Lyme disease causes double vision: case report

The Lyme spirochete Borrelia burgdorferi can invade the central nervous system causing neuroborreliosis. The most common symptoms include headaches, neck stiffness, facial palsy, and peripheral neuropathy. But the disease can, on rare occasions, also cause eye-related problems. “We present a case of neuroborreliosis manifesting with diplopia [double vision],” Dixit and colleagues write. [1]


In their report, the authors describe a 69-year-old man who was admitted to the emergency room in New York City complaining of a headache and double vision.

Case report describes a man who developed headaches and double vision caused by Lyme disease.

One month earlier, the man had been hiking in a rural area of New York. He did not notice a tick bite or rash. Two weeks later, he developed a headache, which “localized to the right occipital region, and gradually moved to his right orbit,” states Dixit.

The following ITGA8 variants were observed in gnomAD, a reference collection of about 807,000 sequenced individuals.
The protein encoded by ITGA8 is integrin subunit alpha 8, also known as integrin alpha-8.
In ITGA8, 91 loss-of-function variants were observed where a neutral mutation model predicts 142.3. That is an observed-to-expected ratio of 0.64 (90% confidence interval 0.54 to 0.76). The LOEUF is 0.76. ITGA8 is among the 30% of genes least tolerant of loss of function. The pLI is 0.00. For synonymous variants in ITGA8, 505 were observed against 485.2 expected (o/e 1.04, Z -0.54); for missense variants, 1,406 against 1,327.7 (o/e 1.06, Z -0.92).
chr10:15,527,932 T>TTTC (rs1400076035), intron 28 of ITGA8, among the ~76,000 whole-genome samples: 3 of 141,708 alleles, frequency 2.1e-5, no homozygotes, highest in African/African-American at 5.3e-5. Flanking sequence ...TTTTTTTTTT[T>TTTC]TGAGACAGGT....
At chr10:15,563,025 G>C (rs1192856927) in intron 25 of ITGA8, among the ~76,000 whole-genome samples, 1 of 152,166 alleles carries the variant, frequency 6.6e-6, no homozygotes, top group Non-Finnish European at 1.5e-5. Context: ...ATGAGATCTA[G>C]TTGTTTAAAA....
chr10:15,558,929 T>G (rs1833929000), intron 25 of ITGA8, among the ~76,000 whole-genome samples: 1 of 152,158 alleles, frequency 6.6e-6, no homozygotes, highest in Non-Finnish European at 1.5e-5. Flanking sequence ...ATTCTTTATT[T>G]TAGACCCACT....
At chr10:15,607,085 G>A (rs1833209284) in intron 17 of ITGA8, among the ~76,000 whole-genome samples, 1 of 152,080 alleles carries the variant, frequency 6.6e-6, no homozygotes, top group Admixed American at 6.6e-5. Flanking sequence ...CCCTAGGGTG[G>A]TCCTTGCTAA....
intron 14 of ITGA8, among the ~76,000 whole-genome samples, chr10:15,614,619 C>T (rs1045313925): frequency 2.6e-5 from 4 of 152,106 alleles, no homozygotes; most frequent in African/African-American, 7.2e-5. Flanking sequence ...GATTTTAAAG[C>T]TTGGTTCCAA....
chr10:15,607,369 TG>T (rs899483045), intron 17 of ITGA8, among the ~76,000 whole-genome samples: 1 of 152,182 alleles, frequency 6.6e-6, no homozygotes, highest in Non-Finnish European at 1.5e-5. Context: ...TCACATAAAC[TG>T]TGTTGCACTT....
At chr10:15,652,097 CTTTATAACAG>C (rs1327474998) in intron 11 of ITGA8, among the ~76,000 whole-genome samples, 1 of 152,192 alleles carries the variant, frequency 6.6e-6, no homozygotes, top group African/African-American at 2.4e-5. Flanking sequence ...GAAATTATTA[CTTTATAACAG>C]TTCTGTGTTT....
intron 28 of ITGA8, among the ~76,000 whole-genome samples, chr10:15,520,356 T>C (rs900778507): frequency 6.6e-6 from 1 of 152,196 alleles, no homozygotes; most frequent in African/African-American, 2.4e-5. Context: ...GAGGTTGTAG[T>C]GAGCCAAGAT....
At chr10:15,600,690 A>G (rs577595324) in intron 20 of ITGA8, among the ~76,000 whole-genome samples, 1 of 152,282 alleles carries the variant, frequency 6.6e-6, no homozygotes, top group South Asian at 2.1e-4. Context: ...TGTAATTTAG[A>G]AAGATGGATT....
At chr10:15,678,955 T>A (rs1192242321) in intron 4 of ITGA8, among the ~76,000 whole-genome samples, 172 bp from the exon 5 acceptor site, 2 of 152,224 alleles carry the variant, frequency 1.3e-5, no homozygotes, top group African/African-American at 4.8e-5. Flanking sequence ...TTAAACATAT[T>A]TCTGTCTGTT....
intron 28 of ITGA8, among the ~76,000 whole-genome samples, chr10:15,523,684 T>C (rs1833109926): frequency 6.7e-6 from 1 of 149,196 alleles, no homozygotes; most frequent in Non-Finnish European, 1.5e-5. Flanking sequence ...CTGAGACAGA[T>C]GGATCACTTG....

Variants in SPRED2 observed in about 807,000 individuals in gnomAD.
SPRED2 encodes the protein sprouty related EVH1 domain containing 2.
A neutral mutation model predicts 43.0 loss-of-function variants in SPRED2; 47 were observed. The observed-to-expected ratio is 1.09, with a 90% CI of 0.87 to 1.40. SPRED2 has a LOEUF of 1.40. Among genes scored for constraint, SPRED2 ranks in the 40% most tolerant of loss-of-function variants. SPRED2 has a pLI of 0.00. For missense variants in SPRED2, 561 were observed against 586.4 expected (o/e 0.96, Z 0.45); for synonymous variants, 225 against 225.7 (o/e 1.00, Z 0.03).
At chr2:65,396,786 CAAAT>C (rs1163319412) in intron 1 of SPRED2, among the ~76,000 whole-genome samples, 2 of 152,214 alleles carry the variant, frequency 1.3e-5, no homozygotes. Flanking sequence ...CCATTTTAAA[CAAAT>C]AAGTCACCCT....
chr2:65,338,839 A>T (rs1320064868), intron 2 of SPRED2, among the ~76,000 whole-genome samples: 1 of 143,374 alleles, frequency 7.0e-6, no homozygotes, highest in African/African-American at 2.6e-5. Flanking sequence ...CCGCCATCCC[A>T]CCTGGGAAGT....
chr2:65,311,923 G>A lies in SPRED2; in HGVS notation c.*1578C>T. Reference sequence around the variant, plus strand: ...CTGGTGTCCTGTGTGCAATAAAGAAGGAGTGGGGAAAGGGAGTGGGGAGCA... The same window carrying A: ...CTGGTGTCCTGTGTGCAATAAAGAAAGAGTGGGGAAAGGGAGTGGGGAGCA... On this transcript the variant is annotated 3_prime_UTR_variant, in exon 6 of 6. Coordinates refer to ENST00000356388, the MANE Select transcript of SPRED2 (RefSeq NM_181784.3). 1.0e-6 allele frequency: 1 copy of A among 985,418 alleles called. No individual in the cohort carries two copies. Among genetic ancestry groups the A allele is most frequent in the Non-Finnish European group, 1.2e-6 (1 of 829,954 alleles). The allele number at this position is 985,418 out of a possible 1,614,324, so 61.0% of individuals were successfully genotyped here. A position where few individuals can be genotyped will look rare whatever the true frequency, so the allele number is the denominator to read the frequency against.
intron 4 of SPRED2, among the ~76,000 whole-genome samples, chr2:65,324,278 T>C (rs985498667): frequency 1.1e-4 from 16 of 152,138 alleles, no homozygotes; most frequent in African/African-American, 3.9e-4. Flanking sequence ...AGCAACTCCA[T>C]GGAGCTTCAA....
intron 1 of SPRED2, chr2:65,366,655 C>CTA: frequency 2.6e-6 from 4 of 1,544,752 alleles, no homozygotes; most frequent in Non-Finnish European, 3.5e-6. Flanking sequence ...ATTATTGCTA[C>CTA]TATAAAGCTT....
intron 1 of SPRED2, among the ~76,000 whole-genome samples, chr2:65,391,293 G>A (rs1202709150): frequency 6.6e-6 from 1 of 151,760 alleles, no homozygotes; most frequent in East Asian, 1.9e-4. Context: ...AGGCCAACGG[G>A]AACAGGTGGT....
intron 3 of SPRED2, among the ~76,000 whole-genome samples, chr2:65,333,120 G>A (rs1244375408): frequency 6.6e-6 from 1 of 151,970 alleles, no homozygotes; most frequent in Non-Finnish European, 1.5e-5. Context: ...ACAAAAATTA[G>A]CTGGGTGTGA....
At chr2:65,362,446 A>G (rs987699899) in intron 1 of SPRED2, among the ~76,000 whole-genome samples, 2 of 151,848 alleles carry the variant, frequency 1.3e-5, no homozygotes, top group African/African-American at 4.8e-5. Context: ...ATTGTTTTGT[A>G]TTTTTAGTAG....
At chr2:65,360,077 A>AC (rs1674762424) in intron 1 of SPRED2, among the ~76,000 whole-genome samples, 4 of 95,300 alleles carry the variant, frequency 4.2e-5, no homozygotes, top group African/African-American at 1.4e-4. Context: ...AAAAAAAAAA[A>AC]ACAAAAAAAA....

Five days later, he had double vision when opening both eyes; however, if he covered his right eye his vision normalized. “Although Lyme is known to affect the neurological system it usually does not manifest in the extraocular muscles,” the authors state.

In another study, Sathiamoorthi from the Mayo Clinic points out that “Although ocular involvement can be self-limited, delays in diagnosis may result in vision impairment and even blindness.” [2]